The family goes through many problems with Kenny's big brother Byron. Byron thinks he's so cool and thinks he can do whatever he wants including dying his hair, play with matches, and he does other stuff like kissing himself in the mirror. Kenny also has a mom who is very strict and a dad who is always positive. One more family member is Joetta. She is Kenny's younger sister and is very caring.One of the things we really enjoyed about this book was, that the author really expresses the character's characteristics.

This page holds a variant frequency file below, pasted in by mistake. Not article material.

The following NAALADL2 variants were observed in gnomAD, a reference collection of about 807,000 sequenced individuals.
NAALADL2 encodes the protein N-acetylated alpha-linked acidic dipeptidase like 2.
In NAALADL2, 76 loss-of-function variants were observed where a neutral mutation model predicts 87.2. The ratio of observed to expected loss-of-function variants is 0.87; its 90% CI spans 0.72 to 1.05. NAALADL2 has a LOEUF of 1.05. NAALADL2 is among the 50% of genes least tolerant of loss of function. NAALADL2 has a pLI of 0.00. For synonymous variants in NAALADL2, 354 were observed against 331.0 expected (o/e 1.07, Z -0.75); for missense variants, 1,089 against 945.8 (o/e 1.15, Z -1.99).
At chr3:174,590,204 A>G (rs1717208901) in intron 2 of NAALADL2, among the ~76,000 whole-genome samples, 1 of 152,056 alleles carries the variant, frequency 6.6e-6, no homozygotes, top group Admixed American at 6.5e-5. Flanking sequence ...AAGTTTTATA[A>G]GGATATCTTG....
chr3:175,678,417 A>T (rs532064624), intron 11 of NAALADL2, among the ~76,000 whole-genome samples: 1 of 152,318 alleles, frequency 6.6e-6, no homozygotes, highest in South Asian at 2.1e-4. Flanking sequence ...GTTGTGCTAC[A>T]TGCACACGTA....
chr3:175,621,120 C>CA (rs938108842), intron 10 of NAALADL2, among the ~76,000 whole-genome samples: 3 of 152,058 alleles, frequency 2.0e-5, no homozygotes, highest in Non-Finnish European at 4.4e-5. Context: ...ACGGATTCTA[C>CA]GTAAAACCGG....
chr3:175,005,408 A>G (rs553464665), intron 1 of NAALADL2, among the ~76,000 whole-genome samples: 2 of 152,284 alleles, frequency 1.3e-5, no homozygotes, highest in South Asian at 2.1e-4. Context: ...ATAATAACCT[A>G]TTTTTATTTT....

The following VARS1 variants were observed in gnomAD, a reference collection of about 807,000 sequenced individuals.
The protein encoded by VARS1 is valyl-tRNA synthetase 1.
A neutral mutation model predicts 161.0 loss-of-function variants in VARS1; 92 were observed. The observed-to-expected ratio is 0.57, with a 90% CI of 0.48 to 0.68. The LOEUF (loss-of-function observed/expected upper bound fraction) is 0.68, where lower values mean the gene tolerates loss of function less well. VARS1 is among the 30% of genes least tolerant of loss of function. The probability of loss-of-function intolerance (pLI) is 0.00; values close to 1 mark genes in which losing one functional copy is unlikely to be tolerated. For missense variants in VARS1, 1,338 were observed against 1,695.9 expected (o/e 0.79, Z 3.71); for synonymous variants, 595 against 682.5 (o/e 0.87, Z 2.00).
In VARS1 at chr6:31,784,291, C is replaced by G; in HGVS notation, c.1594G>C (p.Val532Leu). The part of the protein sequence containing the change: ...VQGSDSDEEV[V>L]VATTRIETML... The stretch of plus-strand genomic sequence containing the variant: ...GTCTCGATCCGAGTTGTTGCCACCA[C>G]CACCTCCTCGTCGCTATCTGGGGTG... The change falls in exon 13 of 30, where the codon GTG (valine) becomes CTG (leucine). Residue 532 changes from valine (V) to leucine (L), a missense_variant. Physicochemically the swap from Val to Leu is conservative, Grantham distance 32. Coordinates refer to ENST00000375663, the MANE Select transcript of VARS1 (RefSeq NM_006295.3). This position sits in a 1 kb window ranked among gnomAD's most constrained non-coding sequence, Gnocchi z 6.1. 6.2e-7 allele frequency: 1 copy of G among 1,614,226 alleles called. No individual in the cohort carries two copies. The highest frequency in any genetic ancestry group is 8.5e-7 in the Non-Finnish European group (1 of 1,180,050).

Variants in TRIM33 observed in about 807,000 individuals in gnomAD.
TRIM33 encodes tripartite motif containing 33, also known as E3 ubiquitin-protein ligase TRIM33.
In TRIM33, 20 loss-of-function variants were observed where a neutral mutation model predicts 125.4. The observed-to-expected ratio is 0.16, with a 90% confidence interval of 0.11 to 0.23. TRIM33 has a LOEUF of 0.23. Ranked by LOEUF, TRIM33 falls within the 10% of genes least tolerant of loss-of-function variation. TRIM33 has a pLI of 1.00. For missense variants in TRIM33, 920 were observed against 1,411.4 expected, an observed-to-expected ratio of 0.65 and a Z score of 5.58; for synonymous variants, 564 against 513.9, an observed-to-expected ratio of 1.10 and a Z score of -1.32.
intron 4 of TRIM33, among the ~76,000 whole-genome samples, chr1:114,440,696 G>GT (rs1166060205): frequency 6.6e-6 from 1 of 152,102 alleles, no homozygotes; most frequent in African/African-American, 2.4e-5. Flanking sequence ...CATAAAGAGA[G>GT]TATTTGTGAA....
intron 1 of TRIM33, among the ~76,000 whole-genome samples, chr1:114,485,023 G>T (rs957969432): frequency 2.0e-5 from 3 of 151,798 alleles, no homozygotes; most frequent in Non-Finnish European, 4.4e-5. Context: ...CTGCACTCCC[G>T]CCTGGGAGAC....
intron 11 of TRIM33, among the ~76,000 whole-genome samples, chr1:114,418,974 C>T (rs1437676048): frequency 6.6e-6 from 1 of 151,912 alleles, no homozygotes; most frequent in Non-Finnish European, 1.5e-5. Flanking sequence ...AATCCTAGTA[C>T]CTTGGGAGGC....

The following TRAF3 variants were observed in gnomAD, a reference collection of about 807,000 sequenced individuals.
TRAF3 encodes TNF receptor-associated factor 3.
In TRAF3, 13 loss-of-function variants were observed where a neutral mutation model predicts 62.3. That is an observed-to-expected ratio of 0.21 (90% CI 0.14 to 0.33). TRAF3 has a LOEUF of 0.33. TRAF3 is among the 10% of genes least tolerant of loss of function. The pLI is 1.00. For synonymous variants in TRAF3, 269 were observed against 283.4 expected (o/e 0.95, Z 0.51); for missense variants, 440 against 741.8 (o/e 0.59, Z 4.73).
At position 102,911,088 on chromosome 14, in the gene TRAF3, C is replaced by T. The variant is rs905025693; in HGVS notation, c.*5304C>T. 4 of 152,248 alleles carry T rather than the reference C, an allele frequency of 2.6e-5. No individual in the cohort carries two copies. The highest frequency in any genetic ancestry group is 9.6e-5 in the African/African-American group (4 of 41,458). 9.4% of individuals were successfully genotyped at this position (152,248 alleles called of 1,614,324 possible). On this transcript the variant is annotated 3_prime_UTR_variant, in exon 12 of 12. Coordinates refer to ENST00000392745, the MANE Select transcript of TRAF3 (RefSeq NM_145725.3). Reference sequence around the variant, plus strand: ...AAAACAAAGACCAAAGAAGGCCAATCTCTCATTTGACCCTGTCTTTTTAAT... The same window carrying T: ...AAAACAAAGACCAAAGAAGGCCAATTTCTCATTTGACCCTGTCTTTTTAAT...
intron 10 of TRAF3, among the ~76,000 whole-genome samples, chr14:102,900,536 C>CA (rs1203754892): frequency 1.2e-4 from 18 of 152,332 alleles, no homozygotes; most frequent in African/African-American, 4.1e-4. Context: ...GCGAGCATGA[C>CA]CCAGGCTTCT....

The theme of this story is based on the Civil Rights Movement and family. The book goes through problems in both of these categories. Such as, bombings during the Civil Rights Movement, problems with Byron and Kenny, and so many more usual, and some unusual, problems. Many of the Watson family members change during the story. An example of this is, Byron changed from a disobedient child, to a mature, young man full of respect. The theme of this book really expresses the authors feelings on family and the Civil Rights Movement. Christopher Paul Curtis is a great author and uses many different "secrets" to make his writing as good as it is. First of all, he tells things like they are. There isn't any fantasy in this book and you can relate to the story. The Watsons are just like any family. They go through difficult times and good times. Curtis also does a good job of describing the things that are happening. For example, he told in detail what happened after the church was bombed and what Kenny saw while he was in the church. Curtis has humor in his book too. This makes a big difference, because it makes the book more interesting by making you laugh. Sometimes he uses humor to describe. Like when Byron got his lips stuck to the rearview mirror and Kenny said, "...Byron's lips stretched a mile before they finally let go of that mirror." One thing that we didn't care for about the book was that he didn't use any cliffhangers. We think that that is wanted in a good book, but otherwise it's a great book. We think Christopher Paul Curtis's life really relates to the book. Christopher Paul Curtis was born in the same place that the book took place, Flint, Michigan. He began working on the book The Watsons Go to Birmingham-1963 when he was in high school. He attended the University of Michigan, where he won the Avery Hopwood Prize for major essays and the Jules Hopwood Prize for an early draft of The Watsons Go to Birmingham. Curtis has won a Newbery Honor and a Coretta Scott King Honor for this book and it was named a Best Book of 1995. Christopher Paul Curtis currently lives in Windsor, Ontario, Canada with his wife Kaysandra, and children Steven Darrel, 18 and Cydney McKenzie, who's four. Can't you see how Christopher Paul Curtis's life really reflects on this book?